Sometimes, 'bone marrow transplants' come from umbilical cord blood
January 15, 2015 | by Nicole White
What most people call a "bone marrow transplant" is not actually a transplant of bone marrow; it is instead the transplantation of what's known as hematopoietic stem cells. Such cells are often taken from bone marrow, but not always.
Hematopoietic stem cells are simply immature cells that can develop into any type of blood cells, including white blood cells, red blood cells and platelets. They're used to treat blood cancers and other hematologic disorders, and they can come from bone marrow, peripheral blood (blood that circulates through the arteries and veins) or even umbilical cord blood banked at the time of a baby’s birth.
Transplantation follows a fairly similar process: First, a donor (or in some cases, the patient himself) provides stem cells that match the patient's blood cells in key ways. Then the patient is treated with chemotherapy and radiation to prepare him for the transplant, and the new cells are infused.
Having access to all options for stem cell transplantation is important for patients with a blood cancer or other hematologic malignancy, said Chatchada Karanes, M.D., director of the Cord Blood Transplant Program in City of Hope’s Hematologic Malignancies and Stem Cell Transplantation Institute, because many factors must be weighed when choosing the best transplantation option for a patient.
Some of the factors are pure science: What kind of cancer does the patient have, and what is the patient’s human leukocyte antigen – or HLA – the protein marker used to match a patient with a donor? Some of the factors are a matter of logistics: Does the patient have a family member who is an HLA match? Is there an unrelated donor who is available? How severe is the patient’s disease – that is, how much time can be spent searching for a match?
In cases for which no matched related or unrelated donor is available, other sources for these precious stem cells must be considered. One method features a haploidentical stem cell transplantation, using a donor who is a half-match, but not a perfect match, for the patient.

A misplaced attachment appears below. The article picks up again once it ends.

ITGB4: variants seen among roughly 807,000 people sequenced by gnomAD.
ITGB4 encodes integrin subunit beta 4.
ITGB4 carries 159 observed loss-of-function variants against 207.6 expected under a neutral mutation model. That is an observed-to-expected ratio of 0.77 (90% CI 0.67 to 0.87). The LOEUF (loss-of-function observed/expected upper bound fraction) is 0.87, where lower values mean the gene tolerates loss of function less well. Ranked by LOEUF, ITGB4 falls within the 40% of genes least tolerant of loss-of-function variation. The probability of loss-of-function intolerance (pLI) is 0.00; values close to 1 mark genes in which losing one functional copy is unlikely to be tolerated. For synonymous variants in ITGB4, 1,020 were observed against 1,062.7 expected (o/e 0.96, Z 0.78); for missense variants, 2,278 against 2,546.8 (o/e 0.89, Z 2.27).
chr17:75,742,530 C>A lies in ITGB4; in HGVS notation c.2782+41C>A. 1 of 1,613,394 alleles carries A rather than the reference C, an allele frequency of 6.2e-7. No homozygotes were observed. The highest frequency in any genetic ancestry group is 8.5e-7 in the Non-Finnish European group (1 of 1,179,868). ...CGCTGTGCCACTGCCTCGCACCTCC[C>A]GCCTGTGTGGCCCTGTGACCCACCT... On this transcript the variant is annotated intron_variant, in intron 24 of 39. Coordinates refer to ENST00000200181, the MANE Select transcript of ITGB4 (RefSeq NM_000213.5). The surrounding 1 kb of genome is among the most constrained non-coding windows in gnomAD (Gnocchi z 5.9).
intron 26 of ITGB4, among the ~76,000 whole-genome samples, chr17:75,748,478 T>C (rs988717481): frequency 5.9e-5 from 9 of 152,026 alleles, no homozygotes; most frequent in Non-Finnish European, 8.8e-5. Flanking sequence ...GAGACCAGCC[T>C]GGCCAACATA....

“The stem cell transplant is evolving over time,” Karanes said. “We wouldn’t have been able to offer these options in the past. It’s especially difficult for ethnic minorities to find donors in time. So having these other stem cell sources is important.”
Karanes said cord blood transplants are constantly improving. In fact, City of Hope is currently working on two clinical trials related to cord blood transplant. One study uses matching stem cells from multiple umbilical cords, and expands the stem cells in a lab so patients receive more healthy stem cells during their transplant.
Another clinical trial seeks to improve the homing ability of the cells to the bone marrow. The cord is incubated with prostaglandins, compounds that seem to activate a receptor in the cells that helps them attach to the bone marrow.
These additional options now allow patients who years ago would not have had the possibility of a transplant to receive the best therapy currently available for blood cancers.
“There’s a lot of data in the past 20 years that stem cell transplant after high-dose chemotherapy and radiation can produce a long-term remission and possible cure in patients who are diagnosed early,” Karanes said. “Now these transplants are available to more patients than ever.”
Learn more about becoming a patient or getting a second opinion at City of Hope by visiting our website or by calling 800-826-HOPE (4673). City of Hope staff will explain what's required for a consult at City of Hope and help you determine, before you come in, whether or not your insurance will pay for the appointment.